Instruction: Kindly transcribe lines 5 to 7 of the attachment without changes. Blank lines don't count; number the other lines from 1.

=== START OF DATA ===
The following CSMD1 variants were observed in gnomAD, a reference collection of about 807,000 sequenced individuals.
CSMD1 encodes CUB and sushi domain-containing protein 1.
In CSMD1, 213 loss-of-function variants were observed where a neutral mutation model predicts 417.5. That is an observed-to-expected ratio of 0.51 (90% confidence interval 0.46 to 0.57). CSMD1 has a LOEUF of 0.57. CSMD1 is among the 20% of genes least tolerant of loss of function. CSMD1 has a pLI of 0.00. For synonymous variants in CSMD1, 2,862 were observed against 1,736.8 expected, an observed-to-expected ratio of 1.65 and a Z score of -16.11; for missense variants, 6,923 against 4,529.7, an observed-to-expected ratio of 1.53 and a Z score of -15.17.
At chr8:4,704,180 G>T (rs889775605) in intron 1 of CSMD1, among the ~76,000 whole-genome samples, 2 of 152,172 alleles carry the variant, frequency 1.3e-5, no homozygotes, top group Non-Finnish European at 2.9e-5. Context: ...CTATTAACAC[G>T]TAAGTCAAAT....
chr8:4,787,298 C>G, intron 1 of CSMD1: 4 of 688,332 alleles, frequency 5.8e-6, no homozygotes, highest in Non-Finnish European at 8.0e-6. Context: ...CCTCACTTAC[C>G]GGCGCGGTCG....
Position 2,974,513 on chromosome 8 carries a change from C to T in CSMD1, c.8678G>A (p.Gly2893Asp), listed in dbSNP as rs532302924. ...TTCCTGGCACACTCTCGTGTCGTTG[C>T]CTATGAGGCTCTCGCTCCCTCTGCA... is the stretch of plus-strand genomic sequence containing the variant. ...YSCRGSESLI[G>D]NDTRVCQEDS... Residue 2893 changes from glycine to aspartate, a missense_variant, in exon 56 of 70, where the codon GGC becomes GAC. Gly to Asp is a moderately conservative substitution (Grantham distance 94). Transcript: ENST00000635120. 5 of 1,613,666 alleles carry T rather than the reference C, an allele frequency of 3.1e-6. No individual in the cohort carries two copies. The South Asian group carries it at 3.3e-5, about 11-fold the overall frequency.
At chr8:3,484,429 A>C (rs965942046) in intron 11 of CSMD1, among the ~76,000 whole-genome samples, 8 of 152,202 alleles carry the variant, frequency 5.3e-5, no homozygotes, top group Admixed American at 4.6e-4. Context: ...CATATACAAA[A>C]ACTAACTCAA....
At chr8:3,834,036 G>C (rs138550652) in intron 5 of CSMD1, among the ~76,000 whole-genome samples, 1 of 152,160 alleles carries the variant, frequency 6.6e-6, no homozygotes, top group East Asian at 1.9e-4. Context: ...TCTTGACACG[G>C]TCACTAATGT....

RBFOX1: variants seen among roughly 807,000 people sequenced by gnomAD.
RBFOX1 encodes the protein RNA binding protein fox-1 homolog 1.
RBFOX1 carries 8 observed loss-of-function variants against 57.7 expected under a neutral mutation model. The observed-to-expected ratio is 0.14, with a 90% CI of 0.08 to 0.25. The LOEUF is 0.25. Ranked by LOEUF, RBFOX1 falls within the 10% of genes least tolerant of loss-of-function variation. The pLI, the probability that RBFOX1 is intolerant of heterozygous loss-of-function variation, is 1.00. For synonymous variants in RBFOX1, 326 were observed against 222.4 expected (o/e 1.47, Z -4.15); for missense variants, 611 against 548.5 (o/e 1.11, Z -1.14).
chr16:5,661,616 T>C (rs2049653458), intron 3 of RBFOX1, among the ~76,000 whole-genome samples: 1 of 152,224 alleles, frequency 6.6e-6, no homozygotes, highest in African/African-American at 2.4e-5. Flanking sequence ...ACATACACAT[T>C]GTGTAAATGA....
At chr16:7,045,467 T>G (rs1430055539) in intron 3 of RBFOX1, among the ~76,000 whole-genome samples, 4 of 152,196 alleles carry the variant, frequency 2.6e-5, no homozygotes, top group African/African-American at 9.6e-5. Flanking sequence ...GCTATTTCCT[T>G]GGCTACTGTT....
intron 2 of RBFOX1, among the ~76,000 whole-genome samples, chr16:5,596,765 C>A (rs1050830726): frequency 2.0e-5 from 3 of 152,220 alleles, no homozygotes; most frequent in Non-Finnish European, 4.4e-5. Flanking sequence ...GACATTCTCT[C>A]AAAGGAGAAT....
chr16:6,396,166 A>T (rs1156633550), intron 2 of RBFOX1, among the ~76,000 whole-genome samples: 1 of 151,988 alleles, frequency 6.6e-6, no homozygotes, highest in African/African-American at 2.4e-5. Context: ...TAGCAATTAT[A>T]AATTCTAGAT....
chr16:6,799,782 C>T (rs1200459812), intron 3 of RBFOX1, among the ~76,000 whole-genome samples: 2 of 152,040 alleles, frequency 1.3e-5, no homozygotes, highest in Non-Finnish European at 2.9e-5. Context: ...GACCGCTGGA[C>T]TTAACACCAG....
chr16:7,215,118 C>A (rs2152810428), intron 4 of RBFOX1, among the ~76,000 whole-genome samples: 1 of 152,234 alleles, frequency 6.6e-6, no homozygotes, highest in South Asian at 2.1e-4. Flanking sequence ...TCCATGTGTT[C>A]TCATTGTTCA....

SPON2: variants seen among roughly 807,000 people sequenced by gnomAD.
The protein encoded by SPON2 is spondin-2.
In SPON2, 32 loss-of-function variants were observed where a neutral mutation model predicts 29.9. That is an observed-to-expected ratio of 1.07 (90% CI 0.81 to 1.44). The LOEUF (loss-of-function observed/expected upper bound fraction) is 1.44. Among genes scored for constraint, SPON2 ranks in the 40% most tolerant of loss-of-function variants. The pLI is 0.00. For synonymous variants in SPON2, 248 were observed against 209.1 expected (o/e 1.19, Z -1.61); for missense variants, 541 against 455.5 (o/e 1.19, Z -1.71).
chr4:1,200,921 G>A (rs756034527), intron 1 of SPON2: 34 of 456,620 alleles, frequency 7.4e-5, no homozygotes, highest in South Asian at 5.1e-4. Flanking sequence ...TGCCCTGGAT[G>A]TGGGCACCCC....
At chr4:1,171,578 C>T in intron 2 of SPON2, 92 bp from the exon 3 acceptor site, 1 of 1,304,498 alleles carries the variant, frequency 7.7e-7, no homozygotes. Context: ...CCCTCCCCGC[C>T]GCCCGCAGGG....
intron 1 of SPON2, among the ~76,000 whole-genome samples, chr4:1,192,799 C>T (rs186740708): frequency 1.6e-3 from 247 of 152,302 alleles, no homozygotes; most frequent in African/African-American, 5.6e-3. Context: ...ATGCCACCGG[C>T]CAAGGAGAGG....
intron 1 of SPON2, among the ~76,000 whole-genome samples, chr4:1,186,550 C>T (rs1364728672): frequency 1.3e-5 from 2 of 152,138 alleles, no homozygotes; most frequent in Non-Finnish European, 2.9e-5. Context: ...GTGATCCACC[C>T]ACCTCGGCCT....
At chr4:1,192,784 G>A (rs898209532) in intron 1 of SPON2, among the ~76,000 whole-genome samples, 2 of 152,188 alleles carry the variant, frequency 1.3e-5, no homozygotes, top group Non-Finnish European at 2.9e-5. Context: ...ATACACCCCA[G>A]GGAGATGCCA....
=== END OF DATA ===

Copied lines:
chr8:4,787,298 C>G, intron 1 of CSMD1: 4 of 688,332 alleles, frequency 5.8e-6, no homozygotes, highest in Non-Finnish European at 8.0e-6. Context: ...CCTCACTTAC[C>G]GGCGCGGTCG....
Position 2,974,513 on chromosome 8 carries a change from C to T in CSMD1, c.8678G>A (p.Gly2893Asp), listed in dbSNP as rs532302924. ...TTCCTGGCACACTCTCGTGTCGTTG[C>T]CTATGAGGCTCTCGCTCCCTCTGCA... is the stretch of plus-strand genomic sequence containing the variant. ...YSCRGSESLI[G>D]NDTRVCQEDS... Residue 2893 changes from glycine to aspartate, a missense_variant, in exon 56 of 70, where the codon GGC becomes GAC. Gly to Asp is a moderately conservative substitution (Grantham distance 94). Transcript: ENST00000635120. 5 of 1,613,666 alleles carry T rather than the reference C, an allele frequency of 3.1e-6. No individual in the cohort carries two copies. The South Asian group carries it at 3.3e-5, about 11-fold the overall frequency.
At chr8:3,484,429 A>C (rs965942046) in intron 11 of CSMD1, among the ~76,000 whole-genome samples, 8 of 152,202 alleles carry the variant, frequency 5.3e-5, no homozygotes, top group Admixed American at 4.6e-4. Context: ...CATATACAAA[A>C]ACTAACTCAA....